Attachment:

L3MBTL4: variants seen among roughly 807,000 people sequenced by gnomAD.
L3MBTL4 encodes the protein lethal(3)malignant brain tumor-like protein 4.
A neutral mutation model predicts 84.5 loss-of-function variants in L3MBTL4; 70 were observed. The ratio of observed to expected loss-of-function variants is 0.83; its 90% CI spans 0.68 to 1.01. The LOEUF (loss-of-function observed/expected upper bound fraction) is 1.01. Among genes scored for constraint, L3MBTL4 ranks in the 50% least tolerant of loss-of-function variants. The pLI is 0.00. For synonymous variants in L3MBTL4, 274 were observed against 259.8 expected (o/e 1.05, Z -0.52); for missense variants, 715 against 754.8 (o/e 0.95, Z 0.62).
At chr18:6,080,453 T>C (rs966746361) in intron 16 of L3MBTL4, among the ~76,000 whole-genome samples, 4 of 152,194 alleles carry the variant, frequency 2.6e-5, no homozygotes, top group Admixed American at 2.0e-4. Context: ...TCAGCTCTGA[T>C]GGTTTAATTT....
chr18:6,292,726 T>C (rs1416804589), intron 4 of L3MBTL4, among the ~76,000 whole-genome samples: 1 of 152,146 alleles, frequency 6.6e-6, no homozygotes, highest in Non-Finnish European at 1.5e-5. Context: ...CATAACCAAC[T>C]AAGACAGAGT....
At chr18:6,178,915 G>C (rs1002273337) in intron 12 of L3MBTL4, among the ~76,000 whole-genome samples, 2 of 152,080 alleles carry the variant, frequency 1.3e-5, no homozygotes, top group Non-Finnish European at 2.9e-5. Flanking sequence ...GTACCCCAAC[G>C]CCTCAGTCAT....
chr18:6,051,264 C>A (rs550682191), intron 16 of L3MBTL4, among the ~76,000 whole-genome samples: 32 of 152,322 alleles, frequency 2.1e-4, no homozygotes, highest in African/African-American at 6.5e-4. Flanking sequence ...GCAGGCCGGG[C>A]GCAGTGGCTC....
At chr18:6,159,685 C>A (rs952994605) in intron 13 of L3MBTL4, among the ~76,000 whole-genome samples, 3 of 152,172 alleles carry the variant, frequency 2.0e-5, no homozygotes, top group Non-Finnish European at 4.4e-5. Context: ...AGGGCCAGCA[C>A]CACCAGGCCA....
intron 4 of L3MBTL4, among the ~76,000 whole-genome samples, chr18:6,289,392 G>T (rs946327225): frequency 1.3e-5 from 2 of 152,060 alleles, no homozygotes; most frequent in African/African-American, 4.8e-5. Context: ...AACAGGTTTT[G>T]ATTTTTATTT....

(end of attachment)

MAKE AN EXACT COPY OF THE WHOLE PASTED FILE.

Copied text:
L3MBTL4: variants seen among roughly 807,000 people sequenced by gnomAD.
L3MBTL4 encodes the protein lethal(3)malignant brain tumor-like protein 4.
A neutral mutation model predicts 84.5 loss-of-function variants in L3MBTL4; 70 were observed. The ratio of observed to expected loss-of-function variants is 0.83; its 90% CI spans 0.68 to 1.01. The LOEUF (loss-of-function observed/expected upper bound fraction) is 1.01. Among genes scored for constraint, L3MBTL4 ranks in the 50% least tolerant of loss-of-function variants. The pLI is 0.00. For synonymous variants in L3MBTL4, 274 were observed against 259.8 expected (o/e 1.05, Z -0.52); for missense variants, 715 against 754.8 (o/e 0.95, Z 0.62).
At chr18:6,080,453 T>C (rs966746361) in intron 16 of L3MBTL4, among the ~76,000 whole-genome samples, 4 of 152,194 alleles carry the variant, frequency 2.6e-5, no homozygotes, top group Admixed American at 2.0e-4. Context: ...TCAGCTCTGA[T>C]GGTTTAATTT....
chr18:6,292,726 T>C (rs1416804589), intron 4 of L3MBTL4, among the ~76,000 whole-genome samples: 1 of 152,146 alleles, frequency 6.6e-6, no homozygotes, highest in Non-Finnish European at 1.5e-5. Context: ...CATAACCAAC[T>C]AAGACAGAGT....
At chr18:6,178,915 G>C (rs1002273337) in intron 12 of L3MBTL4, among the ~76,000 whole-genome samples, 2 of 152,080 alleles carry the variant, frequency 1.3e-5, no homozygotes, top group Non-Finnish European at 2.9e-5. Flanking sequence ...GTACCCCAAC[G>C]CCTCAGTCAT....
chr18:6,051,264 C>A (rs550682191), intron 16 of L3MBTL4, among the ~76,000 whole-genome samples: 32 of 152,322 alleles, frequency 2.1e-4, no homozygotes, highest in African/African-American at 6.5e-4. Flanking sequence ...GCAGGCCGGG[C>A]GCAGTGGCTC....
At chr18:6,159,685 C>A (rs952994605) in intron 13 of L3MBTL4, among the ~76,000 whole-genome samples, 3 of 152,172 alleles carry the variant, frequency 2.0e-5, no homozygotes, top group Non-Finnish European at 4.4e-5. Context: ...AGGGCCAGCA[C>A]CACCAGGCCA....
intron 4 of L3MBTL4, among the ~76,000 whole-genome samples, chr18:6,289,392 G>T (rs946327225): frequency 1.3e-5 from 2 of 152,060 alleles, no homozygotes; most frequent in African/African-American, 4.8e-5. Context: ...AACAGGTTTT[G>T]ATTTTTATTT....